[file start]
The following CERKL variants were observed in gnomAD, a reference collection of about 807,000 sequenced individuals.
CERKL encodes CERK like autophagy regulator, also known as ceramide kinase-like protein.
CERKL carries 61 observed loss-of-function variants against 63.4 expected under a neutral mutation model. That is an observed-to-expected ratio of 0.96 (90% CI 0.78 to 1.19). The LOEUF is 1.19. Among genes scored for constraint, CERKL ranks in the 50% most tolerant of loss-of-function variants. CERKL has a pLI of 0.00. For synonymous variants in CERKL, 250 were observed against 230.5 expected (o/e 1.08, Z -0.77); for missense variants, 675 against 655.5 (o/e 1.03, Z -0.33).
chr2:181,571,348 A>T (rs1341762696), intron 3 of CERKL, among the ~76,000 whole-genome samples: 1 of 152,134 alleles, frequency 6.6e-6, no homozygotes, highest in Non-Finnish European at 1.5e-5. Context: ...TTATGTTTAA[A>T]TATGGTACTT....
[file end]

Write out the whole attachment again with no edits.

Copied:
The following CERKL variants were observed in gnomAD, a reference collection of about 807,000 sequenced individuals.
CERKL encodes CERK like autophagy regulator, also known as ceramide kinase-like protein.
CERKL carries 61 observed loss-of-function variants against 63.4 expected under a neutral mutation model. That is an observed-to-expected ratio of 0.96 (90% CI 0.78 to 1.19). The LOEUF is 1.19. Among genes scored for constraint, CERKL ranks in the 50% most tolerant of loss-of-function variants. CERKL has a pLI of 0.00. For synonymous variants in CERKL, 250 were observed against 230.5 expected (o/e 1.08, Z -0.77); for missense variants, 675 against 655.5 (o/e 1.03, Z -0.33).
chr2:181,571,348 A>T (rs1341762696), intron 3 of CERKL, among the ~76,000 whole-genome samples: 1 of 152,134 alleles, frequency 6.6e-6, no homozygotes, highest in Non-Finnish European at 1.5e-5. Context: ...TTATGTTTAA[A>T]TATGGTACTT....